The entry-level Mini Clubman won’t be returning as part of the facelifted range.

    Previously, the Clubman range opened with the Cooper Clubman. It used a turbocharged 1.5-litre three-cylinder engine with 100kW of power and 220Nm of torque, and was available with either a six-speed manual or six-speed automatic transmission.

    The Cooper also allowed Mini to open the range at $37,900 before on-road costs.

    For 2020, the Clubman range now opens with the Cooper S, priced from $45,900 before on-road costs.

    It features a larger turbocharged 2.0-litre four-cylinder engine with 141kW of power and 280Nm of torque and offers a choice of a six-speed manual or seven-speed dual-clutch automatic. Atop it sits the flagship John Cooper Works.

    The defunct base model’s 1.5-litre three-pot can be found elsewhere in the Mini range, including in the Countryman SUV that overlaps with the Clubman on price.

    Said a spokesperson from Mini Australia, “When Mini launched the new Clubman in July 2019, the team found that many owners were adding options to the the base Cooper Clubman, ending up with a price close to a Cooper S Clubman.”

    “With these findings the team decided to omit the base spec Cooper Clubman, and instead provide a value-added Cooper S Clubman – itself with a high level of standard content – as a new sweet spot for Mini fans.”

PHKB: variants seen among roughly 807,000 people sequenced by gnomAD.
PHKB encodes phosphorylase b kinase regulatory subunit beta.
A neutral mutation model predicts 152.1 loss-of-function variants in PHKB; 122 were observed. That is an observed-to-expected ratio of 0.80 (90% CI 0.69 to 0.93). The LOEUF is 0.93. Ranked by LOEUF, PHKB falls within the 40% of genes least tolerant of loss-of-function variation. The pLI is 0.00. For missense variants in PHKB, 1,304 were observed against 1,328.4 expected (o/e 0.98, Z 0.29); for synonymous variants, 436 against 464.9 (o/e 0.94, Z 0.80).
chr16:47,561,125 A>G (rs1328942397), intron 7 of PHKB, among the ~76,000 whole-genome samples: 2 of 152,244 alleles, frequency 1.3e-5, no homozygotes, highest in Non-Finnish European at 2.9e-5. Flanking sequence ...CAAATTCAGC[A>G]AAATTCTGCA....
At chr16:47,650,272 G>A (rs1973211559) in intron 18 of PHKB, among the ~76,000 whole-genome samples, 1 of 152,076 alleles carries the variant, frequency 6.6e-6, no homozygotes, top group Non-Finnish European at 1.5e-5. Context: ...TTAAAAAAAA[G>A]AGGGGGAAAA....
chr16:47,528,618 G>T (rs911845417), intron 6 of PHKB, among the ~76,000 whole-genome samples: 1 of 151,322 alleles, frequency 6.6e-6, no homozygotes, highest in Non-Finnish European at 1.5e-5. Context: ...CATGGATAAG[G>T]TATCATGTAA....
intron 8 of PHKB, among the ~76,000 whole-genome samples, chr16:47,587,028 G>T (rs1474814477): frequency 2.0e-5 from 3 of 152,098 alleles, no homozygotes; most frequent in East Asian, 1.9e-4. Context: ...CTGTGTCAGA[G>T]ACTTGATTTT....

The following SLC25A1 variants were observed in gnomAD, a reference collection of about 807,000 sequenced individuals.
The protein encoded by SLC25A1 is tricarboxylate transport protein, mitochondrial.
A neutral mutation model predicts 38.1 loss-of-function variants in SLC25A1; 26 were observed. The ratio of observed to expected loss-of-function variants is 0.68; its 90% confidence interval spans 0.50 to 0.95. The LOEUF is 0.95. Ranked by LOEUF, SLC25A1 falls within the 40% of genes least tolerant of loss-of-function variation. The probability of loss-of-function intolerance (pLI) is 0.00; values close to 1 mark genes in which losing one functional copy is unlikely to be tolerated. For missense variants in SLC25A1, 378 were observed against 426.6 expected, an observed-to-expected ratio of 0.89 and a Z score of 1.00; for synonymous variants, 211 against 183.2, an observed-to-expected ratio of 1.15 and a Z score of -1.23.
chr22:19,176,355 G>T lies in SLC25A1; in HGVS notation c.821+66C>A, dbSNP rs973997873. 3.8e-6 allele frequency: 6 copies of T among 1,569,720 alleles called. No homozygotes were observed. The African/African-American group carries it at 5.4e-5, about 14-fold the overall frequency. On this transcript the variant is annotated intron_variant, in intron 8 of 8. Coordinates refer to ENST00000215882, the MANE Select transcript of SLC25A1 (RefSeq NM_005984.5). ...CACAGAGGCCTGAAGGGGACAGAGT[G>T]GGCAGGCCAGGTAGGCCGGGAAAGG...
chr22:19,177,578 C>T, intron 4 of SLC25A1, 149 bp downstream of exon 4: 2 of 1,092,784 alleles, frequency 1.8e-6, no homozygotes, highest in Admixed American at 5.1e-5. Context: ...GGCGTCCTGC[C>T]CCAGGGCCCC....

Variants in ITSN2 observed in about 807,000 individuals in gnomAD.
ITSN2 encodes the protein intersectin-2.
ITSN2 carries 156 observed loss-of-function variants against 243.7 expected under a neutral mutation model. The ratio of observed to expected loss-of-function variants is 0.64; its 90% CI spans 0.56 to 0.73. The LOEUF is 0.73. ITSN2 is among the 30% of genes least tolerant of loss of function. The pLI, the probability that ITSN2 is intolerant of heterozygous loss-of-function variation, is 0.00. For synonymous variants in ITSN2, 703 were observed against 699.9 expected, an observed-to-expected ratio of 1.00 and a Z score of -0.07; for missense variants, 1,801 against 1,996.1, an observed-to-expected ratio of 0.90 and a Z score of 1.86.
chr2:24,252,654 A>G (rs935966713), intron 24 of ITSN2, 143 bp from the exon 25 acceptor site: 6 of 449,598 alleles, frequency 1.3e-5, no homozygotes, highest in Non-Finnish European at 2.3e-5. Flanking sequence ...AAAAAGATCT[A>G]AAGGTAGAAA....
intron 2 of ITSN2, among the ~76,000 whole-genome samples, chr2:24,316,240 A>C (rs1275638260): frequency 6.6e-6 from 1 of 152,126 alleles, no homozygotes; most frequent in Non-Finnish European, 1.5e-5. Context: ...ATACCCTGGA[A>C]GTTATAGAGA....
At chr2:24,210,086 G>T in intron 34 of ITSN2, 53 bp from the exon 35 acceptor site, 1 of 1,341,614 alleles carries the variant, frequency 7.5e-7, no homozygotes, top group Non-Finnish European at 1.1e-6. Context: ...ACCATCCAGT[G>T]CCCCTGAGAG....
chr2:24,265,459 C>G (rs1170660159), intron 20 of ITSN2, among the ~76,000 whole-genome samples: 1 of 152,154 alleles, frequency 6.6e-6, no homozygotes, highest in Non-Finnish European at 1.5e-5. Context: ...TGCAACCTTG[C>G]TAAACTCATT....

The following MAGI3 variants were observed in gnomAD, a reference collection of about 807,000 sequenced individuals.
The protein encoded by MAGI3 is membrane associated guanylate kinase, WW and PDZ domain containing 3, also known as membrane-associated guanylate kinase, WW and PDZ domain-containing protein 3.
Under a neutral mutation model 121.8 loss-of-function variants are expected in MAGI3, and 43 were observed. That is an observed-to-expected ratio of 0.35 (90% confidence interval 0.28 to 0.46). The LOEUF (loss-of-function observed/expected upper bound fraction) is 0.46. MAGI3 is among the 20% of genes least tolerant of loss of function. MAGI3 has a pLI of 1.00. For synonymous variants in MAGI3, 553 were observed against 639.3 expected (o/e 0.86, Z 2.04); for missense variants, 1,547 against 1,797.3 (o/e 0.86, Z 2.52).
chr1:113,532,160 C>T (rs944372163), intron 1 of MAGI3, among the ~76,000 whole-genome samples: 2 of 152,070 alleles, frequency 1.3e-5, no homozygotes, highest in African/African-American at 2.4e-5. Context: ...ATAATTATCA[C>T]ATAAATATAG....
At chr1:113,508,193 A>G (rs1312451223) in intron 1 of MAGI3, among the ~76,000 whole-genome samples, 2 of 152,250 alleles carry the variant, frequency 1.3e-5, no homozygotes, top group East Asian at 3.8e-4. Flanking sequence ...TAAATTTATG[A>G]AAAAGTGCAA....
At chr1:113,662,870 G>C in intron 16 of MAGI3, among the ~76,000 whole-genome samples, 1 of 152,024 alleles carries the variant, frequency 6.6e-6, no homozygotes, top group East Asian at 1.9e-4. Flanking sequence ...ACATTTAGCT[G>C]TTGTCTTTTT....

The Cooper Clubman offered well over $10,000 worth of options, many of which were bundled into option packages, which made it easy to reach the more powerful Cooper S’s price point if you ticked too many boxes.

    Despite the higher cost of entry, Mini Clubman sales have ticked upwards since the facelifted model arrived late last year.

    Year-to-date, the Clubman is up 42.2 per cent and through the end of August was just 19 units away from beating its entire 2019 tally, which was a modest 281 units.

    The Clubman remains a niche model for a rather niche brand. So far this year, Mini has sold twice as many Countryman SUVs and almost four times as many of its regular hatchback range, though the Clubman outsells the Cabriolet by almost two-to-one.

    Thanks to Soichiro Pete for the tip!

    William Stopford

    William Stopford is an automotive journalist based in Brisbane, Australia. William is a Business/Journalism graduate from the Queensland University of Technology who loves to travel, briefly lived in the US, and has a particular interest in the American car industry.

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